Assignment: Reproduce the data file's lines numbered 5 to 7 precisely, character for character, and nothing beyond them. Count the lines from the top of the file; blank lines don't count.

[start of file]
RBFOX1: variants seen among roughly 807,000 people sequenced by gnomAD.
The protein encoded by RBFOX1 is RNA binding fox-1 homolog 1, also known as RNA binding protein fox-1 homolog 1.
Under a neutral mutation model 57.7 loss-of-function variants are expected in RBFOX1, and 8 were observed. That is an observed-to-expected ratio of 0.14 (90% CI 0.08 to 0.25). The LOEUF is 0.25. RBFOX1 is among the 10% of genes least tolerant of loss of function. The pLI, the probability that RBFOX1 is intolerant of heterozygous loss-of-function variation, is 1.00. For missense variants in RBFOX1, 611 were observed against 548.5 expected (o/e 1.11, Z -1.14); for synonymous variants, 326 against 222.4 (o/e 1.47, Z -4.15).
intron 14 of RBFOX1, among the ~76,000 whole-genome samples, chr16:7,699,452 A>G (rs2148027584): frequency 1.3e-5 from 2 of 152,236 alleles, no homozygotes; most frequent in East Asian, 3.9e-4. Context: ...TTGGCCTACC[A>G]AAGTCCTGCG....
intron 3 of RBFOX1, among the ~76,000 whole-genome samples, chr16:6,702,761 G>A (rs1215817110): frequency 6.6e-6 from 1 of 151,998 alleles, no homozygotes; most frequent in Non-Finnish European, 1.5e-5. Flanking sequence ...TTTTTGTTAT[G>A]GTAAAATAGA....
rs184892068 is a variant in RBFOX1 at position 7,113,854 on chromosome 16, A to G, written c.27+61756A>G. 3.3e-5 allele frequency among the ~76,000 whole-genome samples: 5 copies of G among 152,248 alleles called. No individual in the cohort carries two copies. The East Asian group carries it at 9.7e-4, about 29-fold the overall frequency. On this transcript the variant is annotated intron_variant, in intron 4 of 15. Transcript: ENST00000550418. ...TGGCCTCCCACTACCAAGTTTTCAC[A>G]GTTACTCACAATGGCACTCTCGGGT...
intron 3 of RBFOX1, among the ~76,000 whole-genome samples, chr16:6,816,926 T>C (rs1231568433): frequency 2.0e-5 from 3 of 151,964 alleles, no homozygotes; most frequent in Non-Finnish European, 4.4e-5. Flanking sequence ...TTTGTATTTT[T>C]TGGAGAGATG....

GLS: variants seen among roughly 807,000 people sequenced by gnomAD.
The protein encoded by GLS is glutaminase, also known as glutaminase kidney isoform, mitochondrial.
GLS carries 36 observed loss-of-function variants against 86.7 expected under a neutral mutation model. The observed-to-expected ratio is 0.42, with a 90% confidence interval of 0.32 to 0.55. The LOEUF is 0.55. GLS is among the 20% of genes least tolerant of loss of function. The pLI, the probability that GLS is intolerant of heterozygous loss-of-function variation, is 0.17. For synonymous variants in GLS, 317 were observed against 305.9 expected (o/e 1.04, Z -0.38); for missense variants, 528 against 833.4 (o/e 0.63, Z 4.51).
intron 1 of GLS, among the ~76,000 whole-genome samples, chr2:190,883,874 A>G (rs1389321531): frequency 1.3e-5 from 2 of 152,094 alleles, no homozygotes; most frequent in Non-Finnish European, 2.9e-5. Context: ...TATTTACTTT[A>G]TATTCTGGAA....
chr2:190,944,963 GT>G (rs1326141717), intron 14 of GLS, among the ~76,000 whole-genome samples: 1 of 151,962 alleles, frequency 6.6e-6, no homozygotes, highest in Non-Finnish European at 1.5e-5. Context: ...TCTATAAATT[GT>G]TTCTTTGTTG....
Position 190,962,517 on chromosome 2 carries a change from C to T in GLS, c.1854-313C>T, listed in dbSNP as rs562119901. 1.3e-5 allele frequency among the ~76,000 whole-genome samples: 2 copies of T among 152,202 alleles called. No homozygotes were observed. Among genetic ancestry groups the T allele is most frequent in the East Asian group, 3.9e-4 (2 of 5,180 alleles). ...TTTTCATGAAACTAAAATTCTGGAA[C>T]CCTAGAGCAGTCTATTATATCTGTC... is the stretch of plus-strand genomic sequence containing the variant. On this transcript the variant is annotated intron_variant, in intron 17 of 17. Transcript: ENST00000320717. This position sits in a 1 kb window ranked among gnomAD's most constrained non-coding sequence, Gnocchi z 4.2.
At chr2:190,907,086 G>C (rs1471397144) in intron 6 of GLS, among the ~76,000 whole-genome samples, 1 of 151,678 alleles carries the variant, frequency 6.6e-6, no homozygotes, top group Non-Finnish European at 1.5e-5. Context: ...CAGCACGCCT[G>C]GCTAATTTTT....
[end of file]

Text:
intron 3 of RBFOX1, among the ~76,000 whole-genome samples, chr16:6,702,761 G>A (rs1215817110): frequency 6.6e-6 from 1 of 151,998 alleles, no homozygotes; most frequent in Non-Finnish European, 1.5e-5. Flanking sequence ...TTTTTGTTAT[G>A]GTAAAATAGA....
rs184892068 is a variant in RBFOX1 at position 7,113,854 on chromosome 16, A to G, written c.27+61756A>G. 3.3e-5 allele frequency among the ~76,000 whole-genome samples: 5 copies of G among 152,248 alleles called. No individual in the cohort carries two copies. The East Asian group carries it at 9.7e-4, about 29-fold the overall frequency. On this transcript the variant is annotated intron_variant, in intron 4 of 15. Transcript: ENST00000550418. ...TGGCCTCCCACTACCAAGTTTTCAC[A>G]GTTACTCACAATGGCACTCTCGGGT...
intron 3 of RBFOX1, among the ~76,000 whole-genome samples, chr16:6,816,926 T>C (rs1231568433): frequency 2.0e-5 from 3 of 151,964 alleles, no homozygotes; most frequent in Non-Finnish European, 4.4e-5. Flanking sequence ...TTTGTATTTT[T>C]TGGAGAGATG....